If no substantial progress is made by November 2010, the EU can decide to suspend certain rights granted to US airlines. The EESC wishes to remind that time is of the essence and empowered representatives from the EU and US side should restart the negotiations as soon as practically possible.

8.   EESC priorities for the second stage agreement

8.1

The second stage agreement should deliver the essential ingredients of an OAA:

removal of restrictions on the ownership and control of EU and US airlines by EU and US investors. Removing the current restrictions would be entirely consistent with the Framework Agreement concluded at the EU/US summit in April 2007 which called for the removal of unnecessary investment barriers between the EU and US;

removal of all discriminatory market practices, in particular the Fly America program;

the right of establishment, so as to permit cross-border mergers, acquisitions and new entry;

as much regulatory cooperation, and convergence, as can sensibly be achieved,

addressing labour issues arising as a result of the first stage agreement implementation,

removal of unnecessary travel difficulties for the EU citizens due to excessive security measures enforced by the US.

8.2

Second stage negotiations — because of its importance — should be given the highest attention by including into the agenda of TEC. The EESC strongly encourages TEC to support second stage negotiations by giving them high political priority and enabling consultations through TALD and other dialogues officially affiliated with TEC.

8.3

EESC recommends to the Commission to undertake (at the beginning of second stage negotiations) strategic environmental impact analysis. Strategic impact analysis identifying potential negative consequences to the environment would help to eliminate or minimize those negative effects throughout the EU — US negotiations.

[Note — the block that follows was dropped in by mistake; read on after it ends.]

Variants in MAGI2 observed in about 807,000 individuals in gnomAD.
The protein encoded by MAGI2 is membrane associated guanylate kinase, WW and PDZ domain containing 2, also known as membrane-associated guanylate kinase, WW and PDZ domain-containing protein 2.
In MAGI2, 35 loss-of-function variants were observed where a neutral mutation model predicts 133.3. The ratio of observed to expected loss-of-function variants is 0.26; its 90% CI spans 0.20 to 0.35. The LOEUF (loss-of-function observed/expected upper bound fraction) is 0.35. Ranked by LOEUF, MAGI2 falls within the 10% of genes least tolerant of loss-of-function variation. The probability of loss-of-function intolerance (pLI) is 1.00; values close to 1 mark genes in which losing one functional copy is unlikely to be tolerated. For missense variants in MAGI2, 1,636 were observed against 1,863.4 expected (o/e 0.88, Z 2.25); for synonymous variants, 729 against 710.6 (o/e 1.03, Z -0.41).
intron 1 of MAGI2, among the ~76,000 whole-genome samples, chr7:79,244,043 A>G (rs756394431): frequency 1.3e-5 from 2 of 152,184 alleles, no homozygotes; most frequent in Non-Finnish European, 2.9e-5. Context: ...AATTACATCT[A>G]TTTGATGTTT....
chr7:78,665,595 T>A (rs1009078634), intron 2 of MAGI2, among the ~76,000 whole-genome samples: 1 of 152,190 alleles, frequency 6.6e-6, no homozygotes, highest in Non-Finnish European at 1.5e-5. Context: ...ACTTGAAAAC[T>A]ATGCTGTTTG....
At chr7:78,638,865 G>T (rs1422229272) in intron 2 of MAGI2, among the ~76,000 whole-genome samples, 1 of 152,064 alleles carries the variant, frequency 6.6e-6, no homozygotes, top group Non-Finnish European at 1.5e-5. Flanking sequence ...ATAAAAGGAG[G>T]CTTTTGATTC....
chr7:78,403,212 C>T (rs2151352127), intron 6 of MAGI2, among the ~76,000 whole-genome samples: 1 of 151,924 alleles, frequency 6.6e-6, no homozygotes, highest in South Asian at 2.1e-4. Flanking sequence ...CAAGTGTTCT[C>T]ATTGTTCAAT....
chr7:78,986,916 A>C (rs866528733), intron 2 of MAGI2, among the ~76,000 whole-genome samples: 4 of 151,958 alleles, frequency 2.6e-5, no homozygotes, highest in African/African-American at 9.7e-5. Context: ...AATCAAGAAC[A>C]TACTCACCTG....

8.4

The UE — Canada Aviation Agreement should be the reference for the second stage EU — US Agreement. Change is possible — that is the main message from EU — Canada negotiations.

8.5

Successful implementation of the EU — Canada agreement and successful completion of the EU — US second stage negotiations may have positive influence on further developments of EU-Latin America’s countries air transport agreements.

9.   The international aspects of the possible agreement

9.1

Because of the weight of the two respective markets, EU — US Agreement has the potential to lead to a new, post-Chicago, era in aviation.

9.2

By forming an ‘oasis’ of regulatory convergence and openness, also open to newcomers, the EU — US Agreement has the potential to substitute the 1944 Chicago Convention by spreading to other, like-minded, States, eventually encouraging more and more countries to revise their policies in order to benefit from the principles of this agreement.

Brussels, 11 June 2009.

The President

of the European Economic and Social Committee

Mario SEPI


(1)  OJ C 228 of 22.9.2009, p. 32.